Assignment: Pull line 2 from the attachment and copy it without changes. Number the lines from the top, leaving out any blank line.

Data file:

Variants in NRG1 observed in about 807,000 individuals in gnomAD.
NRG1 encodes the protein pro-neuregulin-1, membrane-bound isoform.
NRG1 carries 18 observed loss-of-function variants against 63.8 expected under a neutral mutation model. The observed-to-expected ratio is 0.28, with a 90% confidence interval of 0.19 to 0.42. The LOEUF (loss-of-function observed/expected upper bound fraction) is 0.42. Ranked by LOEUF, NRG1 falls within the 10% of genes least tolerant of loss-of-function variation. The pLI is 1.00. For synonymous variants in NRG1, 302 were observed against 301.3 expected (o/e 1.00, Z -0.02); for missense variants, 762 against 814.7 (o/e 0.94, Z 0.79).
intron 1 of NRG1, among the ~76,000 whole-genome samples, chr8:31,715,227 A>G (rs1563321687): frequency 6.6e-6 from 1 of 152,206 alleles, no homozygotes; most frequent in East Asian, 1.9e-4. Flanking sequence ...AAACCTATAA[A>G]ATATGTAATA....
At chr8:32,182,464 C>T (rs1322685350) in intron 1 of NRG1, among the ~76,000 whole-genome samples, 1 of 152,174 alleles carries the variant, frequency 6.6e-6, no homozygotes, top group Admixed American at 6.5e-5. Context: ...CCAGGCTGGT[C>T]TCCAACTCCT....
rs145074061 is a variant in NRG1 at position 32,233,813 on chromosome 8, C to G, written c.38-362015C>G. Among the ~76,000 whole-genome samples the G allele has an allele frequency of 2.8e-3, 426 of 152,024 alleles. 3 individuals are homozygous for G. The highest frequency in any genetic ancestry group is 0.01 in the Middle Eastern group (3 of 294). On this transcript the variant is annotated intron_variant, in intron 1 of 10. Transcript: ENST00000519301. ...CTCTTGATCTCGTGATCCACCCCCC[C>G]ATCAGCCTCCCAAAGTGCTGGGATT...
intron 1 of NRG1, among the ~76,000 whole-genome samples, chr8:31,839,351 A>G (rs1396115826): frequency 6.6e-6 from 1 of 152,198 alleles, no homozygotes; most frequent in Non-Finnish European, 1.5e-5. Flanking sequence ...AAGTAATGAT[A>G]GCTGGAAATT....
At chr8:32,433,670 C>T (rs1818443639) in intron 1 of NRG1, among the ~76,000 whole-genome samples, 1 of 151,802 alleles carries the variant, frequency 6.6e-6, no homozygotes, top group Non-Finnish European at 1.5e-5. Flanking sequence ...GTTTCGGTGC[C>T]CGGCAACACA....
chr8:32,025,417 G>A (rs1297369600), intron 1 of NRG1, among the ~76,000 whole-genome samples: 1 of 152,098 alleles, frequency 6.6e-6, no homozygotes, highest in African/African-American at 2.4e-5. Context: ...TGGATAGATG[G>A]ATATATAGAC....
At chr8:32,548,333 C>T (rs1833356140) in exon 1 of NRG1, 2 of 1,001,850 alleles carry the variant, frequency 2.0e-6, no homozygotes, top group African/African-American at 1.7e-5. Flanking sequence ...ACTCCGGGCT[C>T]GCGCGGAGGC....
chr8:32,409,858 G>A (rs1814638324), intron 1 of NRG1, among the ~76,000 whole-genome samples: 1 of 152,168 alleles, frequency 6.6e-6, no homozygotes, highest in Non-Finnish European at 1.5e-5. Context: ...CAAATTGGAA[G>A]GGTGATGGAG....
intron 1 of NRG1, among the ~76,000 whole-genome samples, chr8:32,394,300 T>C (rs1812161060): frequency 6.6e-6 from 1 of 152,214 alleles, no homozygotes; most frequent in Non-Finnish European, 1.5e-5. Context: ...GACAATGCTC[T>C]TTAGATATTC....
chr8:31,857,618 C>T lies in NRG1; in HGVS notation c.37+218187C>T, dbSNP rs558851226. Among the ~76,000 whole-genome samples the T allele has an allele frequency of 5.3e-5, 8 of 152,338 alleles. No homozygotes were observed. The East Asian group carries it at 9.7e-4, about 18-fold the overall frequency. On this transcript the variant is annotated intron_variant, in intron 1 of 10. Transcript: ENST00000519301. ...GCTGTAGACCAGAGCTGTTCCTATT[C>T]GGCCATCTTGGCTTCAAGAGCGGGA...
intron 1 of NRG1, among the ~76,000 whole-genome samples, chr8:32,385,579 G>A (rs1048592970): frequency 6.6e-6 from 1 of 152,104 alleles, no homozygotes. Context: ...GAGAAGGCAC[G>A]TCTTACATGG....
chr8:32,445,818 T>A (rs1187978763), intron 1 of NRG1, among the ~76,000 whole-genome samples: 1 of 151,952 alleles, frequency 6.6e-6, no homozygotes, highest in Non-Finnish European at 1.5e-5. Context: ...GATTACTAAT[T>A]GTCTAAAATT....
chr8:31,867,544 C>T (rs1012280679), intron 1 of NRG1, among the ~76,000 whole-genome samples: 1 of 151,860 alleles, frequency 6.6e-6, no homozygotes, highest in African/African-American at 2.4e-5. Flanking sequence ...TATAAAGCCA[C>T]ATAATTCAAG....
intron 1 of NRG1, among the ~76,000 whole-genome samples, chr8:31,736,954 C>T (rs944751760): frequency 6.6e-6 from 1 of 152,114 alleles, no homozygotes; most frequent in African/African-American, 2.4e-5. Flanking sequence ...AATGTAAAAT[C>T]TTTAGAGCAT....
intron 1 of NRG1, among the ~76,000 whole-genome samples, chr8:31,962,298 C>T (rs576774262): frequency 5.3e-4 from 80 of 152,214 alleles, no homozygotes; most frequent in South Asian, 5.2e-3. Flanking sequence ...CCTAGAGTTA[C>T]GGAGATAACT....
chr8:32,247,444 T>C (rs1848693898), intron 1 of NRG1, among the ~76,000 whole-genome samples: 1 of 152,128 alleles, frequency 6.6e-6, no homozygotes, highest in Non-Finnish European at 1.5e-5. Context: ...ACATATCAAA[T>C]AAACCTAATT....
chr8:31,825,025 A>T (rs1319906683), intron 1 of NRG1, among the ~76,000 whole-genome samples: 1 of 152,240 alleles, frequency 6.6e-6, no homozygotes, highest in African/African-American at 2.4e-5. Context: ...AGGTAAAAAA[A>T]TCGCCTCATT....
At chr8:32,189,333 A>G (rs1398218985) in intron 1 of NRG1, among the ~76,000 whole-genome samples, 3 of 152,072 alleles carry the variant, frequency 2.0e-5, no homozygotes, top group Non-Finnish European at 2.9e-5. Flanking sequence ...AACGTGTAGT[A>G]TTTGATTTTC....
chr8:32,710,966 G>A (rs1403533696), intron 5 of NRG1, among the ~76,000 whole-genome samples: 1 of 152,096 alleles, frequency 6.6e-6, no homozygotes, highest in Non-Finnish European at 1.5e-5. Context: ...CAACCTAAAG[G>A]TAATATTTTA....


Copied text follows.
NRG1 encodes the protein pro-neuregulin-1, membrane-bound isoform.